And it’s a lesson your child just might take into eternity. It’s that important.


June 9 – WHACK!

Proverbs 19-21

When I was in junior high (about a hundred years ago, I think) it was not uncommon to be sitting in the classroom and hear the door open just a crack. We could hear one door after another all the way down the hall open in the same way. We’d all sit up a little straighter, eyes wide open, and no one, not even the teacher most of the time, would speak.

Then we would hear that dreaded, WHACK. Sometimes we would even hear it again, WHACK! Often we’d hear a teacher scolding the guilty student in such a way there could be no mistake. A rule had been broken, and this is what happens when rules are broken.

Solomon says: When a scoffer is punished, the naive becomes wise… (21:11) You can bet more than one student learned an important lesson from those paddlings back in junior high. I know I did. I never wanted the student in the hall to be me! I became a rule-follower. It seemed the wise thing to do.

Those days are long gone because someone was more concerned about the guilty child’s ego. I find myself wanting to get up on my soapbox. Especially in light of the recent convicted rapist, Brock Turner’s light sentence, the unbelievable statement he read at sentencing, and his own father’s statement after the fact.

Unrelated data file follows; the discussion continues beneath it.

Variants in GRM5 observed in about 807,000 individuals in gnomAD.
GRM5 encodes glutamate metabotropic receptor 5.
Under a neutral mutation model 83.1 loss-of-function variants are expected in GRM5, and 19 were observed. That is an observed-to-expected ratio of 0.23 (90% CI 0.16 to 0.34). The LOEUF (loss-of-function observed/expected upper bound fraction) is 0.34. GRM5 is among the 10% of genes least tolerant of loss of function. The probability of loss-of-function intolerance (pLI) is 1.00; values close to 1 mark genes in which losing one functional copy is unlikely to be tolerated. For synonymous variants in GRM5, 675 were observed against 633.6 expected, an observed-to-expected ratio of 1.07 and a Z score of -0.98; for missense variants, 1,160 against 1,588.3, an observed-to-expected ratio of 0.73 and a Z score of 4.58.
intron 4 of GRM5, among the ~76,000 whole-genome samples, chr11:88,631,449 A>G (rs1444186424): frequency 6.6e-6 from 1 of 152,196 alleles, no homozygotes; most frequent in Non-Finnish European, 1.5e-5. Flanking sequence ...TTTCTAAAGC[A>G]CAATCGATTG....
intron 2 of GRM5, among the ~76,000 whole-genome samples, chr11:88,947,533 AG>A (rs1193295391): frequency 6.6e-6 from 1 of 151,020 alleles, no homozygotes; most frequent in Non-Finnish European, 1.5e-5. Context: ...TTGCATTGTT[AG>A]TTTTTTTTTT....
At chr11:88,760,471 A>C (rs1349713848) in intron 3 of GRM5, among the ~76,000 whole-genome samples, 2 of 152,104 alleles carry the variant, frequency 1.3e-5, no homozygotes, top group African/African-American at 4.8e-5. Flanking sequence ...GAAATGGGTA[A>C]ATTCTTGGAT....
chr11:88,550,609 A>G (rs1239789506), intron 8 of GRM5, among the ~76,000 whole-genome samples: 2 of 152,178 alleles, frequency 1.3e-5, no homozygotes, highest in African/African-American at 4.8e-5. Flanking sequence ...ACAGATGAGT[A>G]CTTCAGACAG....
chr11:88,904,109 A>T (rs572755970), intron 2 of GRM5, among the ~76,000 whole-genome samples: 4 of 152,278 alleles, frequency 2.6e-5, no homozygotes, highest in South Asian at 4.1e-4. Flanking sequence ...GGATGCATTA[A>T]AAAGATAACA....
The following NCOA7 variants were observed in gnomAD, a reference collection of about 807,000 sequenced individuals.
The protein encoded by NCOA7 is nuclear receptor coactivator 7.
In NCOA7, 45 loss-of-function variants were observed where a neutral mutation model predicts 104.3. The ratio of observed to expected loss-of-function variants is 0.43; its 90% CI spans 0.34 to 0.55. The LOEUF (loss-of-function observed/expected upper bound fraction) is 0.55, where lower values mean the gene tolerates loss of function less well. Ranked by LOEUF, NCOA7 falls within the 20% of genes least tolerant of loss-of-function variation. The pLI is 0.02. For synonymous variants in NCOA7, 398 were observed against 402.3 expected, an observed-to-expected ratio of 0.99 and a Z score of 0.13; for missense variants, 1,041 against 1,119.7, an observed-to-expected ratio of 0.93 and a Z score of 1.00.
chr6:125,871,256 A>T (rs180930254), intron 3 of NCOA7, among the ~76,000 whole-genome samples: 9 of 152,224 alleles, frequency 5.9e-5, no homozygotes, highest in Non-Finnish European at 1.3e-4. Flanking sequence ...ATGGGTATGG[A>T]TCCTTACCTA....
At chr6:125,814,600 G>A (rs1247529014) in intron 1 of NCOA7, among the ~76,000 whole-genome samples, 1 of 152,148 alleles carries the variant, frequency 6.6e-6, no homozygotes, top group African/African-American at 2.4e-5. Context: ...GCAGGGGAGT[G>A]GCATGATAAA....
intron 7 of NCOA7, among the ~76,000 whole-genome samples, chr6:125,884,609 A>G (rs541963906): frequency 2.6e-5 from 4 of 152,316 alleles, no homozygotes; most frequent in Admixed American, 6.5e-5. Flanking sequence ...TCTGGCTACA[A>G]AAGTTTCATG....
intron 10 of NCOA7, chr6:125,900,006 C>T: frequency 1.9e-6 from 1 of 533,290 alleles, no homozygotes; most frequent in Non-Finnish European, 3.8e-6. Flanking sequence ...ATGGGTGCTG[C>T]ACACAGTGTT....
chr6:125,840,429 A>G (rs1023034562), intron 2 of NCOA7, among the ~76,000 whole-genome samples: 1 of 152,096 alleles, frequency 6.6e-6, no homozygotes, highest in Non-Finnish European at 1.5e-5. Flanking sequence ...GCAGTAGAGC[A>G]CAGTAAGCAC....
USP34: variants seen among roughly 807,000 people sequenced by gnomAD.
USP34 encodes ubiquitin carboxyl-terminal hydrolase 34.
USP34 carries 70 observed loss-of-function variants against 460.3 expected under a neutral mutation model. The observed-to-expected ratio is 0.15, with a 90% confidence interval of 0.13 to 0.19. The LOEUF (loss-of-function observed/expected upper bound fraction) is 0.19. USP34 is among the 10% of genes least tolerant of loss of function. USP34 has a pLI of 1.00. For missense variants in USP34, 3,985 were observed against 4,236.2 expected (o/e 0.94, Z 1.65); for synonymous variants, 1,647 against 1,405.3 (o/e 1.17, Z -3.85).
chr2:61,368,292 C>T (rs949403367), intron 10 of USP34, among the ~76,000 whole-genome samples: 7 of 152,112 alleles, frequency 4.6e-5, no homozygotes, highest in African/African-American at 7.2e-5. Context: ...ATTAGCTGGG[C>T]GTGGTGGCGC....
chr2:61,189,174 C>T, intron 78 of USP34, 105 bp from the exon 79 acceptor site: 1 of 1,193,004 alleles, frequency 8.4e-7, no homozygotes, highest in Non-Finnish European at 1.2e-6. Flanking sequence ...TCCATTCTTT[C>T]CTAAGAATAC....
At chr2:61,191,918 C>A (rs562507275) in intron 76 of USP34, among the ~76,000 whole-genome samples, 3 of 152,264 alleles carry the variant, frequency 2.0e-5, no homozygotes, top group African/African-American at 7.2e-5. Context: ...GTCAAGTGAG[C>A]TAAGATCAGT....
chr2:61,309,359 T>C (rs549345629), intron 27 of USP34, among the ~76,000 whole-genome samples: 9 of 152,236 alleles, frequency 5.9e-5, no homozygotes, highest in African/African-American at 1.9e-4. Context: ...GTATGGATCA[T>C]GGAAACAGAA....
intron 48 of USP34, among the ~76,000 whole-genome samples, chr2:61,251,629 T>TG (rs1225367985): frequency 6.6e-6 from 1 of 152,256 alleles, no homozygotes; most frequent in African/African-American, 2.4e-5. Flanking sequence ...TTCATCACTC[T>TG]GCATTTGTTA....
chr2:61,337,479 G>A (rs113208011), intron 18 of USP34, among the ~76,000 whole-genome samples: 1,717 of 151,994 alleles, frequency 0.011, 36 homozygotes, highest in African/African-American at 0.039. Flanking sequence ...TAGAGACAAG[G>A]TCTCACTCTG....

Let’s make it personal. Parents, do your children know the rules of your home? Are the rules enforced consistently? Are the consequences swift and painful? Hear me when I say if we don’t teach them this truth on a small scale, they won’t understand it on a larger scale. And they’ll grow up to think the consequences for breaking God’s rules are no big deal, either.

I shudder to think about the lesson other young people have learned from the judge’s decision in the Turner case. Because lessons have been learned. The doors of the classroom were opened, and instead of hearing the WHACK, they heard the teacher pat the guilty child on the back and send him on his way.


The way you discipline your children, the way our society disciplines law-breakers, is done in a classroom occupied by others. When the guilty are punished, the naive become wise. That’s what Solomon said through the inspiration of the Holy Spirit.

I pray that we are raising wise children instead of children who will remain naive. Just the other day we learned that naivety is a death sentence.